Muenke syndrome is an autosomal dominant disorder characterized by coronal suture craniosynostosis, hearing loss, developmental delay, carpal, and calcaneal fusions, and behavioral differences. Reduced penetrance and variable expressivity contribute to the wide spectrum of clinical findings. Muenke syndrome constitutes the most common syndromic form of craniosynostosis, with an incidence of 1 in 30,000 births and is defined by the presence of the p.Pro250Arg mutation in FGFR3. Participants were recruited from international craniofacial surgery and genetic clinics. Affected individuals, parents, and their siblings, if available, were enrolled in the study if they had a p.Pro250Arg mutation in FGFR3. One hundred and six patients from 71 families participated in this study. In 51 informative probands, 33 cases (64.7%) were inherited. Eighty-five percent of the participants had craniosynostosis (16 of 103 did not have craniosynostosis), with 47.5% having bilateral and 28.2% with unilateral synostosis. Females and males were similarly affected with bicoronal craniosynostosis, 50% versus 44.4% (P=0.84), respectively. Clefting was rare (1.1%). Hearing loss was identified in 70.8%, developmental delay in 66.3%, intellectual disability in 35.6%, attention deficit/hyperactivity disorder in 23.7%, and seizures in 20.2%. In patients with complete skeletal surveys (upper and lower extremity x-rays), 75% of individuals were found to have at least a single abnormal radiographical finding in addition to skull findings. This is the largest study of the natural history of Muenke syndrome, adding valuable clinical information to the care of these individuals including behavioral and cognitive impairment data, vision changes, and hearing loss.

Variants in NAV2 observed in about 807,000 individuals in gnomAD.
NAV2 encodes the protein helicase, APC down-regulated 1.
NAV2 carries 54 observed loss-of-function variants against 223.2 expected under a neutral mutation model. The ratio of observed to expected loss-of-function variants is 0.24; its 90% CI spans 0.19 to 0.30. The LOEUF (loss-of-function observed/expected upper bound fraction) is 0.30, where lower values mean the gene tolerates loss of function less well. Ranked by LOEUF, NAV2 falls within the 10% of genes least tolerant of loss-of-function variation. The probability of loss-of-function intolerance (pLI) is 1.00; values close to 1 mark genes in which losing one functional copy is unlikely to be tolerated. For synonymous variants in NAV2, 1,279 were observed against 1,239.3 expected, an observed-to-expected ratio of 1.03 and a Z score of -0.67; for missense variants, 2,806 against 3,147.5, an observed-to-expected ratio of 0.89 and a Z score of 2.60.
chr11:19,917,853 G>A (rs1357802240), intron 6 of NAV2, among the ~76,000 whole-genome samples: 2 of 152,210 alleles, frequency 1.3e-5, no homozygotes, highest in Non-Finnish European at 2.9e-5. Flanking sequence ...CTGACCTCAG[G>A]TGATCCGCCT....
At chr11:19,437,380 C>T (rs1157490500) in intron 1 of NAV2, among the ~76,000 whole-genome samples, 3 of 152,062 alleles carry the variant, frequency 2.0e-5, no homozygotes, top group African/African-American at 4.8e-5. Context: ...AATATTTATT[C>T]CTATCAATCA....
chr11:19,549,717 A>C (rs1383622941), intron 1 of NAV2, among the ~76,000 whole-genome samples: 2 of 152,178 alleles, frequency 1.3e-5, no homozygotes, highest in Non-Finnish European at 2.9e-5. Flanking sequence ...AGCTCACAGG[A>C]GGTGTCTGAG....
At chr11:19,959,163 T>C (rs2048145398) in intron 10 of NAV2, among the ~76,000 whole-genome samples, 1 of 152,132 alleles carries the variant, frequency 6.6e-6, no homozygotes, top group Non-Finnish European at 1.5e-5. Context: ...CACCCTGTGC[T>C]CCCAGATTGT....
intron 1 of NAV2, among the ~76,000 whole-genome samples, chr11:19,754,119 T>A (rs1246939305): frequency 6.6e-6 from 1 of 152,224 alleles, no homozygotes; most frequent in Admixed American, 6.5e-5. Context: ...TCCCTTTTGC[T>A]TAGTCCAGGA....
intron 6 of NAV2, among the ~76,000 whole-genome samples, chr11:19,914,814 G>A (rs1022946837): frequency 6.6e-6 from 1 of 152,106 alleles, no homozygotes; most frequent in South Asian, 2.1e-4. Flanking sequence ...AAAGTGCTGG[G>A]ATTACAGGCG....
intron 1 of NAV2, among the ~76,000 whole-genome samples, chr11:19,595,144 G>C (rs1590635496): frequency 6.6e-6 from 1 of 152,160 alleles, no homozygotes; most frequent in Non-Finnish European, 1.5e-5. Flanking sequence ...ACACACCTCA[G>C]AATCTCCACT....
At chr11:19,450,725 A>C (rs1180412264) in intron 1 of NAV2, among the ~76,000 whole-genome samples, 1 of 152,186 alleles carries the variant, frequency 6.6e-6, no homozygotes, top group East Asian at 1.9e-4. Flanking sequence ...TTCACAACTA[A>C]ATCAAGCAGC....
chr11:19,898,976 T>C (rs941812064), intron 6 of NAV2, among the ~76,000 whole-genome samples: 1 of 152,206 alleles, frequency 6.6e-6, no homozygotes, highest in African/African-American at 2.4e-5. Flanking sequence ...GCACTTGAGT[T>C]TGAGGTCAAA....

• 10. Kvarnung, Malin
    et al.
    Lindstrand, Anna
    Malmgren, Helena
    Thastrom, Anders
    Jacobson, Lena
    Dahl, Niklas
    Uppsala University, Disciplinary Domain of Medicine and Pharmacy, Faculty of Medicine, Department of Immunology, Genetics and Pathology, Medical Genetics. Uppsala University, Science for Life Laboratory, SciLifeLab.
    Lundin, Johanna
    Blennow, Elisabeth
    Inherited mosaicism for the supernumerary marker chromosome in cat eye syndrome: Inter- and intra-individual variation and correlation to the phenotype2012In: American Journal of Medical Genetics. Part A, ISSN 1552-4825, E-ISSN 1552-4833, Vol. 158A, no 5, p. 1111-1117Article in journal (Refereed)
    Abstract [en]

    We have studied a family with repeated transmission of mosaicism for a supernumerary marker chromosome (SMC), giving rise to varying symptoms of the cat eye syndrome (CES) in the offspring. The frequency of the SMC was investigated using FISH with probes from the CES critical region on lymphocytes as well as buccal cells. The same probes were used to study the frequency of the SMC in spermatozoa from the father. The SMC was characterized in detail using array-CGH and was found to correspond to a symmetrical cat eye SMC type I, with two extra copies of the most proximal part of 22q11, not extending into the classical 22q11.2 deletion region. Mosaicism for the SMC was detected in 4 out of 7 family members, the father and all his three children. The degree of mosaicism varied greatly between individuals as well as between tissues, with twice as many cells with the SMC in epithelial cells compared to blood. The highest frequency (almost 50%) was found in spermatozoa from the father. There was a direct correlation between the degree of mosaicism and the symptoms, varying from no obvious symptoms to classical CES. The study confirms the occurrence of direct transmission of SMC-mosaicism in CES. The results indicate that examination of parental epithelial cells should be preferred compared to blood cells in order to exclude a recurrence risk in parents of a child with CES. Interphase FISH analysis of spermatozoa is the most sensitive method to exclude paternal germ line mosaicsm. (c) 2012 Wiley Periodicals, Inc.

  • 11. Lindstrand, Anna
    et al.
    Malmgren, Helena
    Verri, Annapia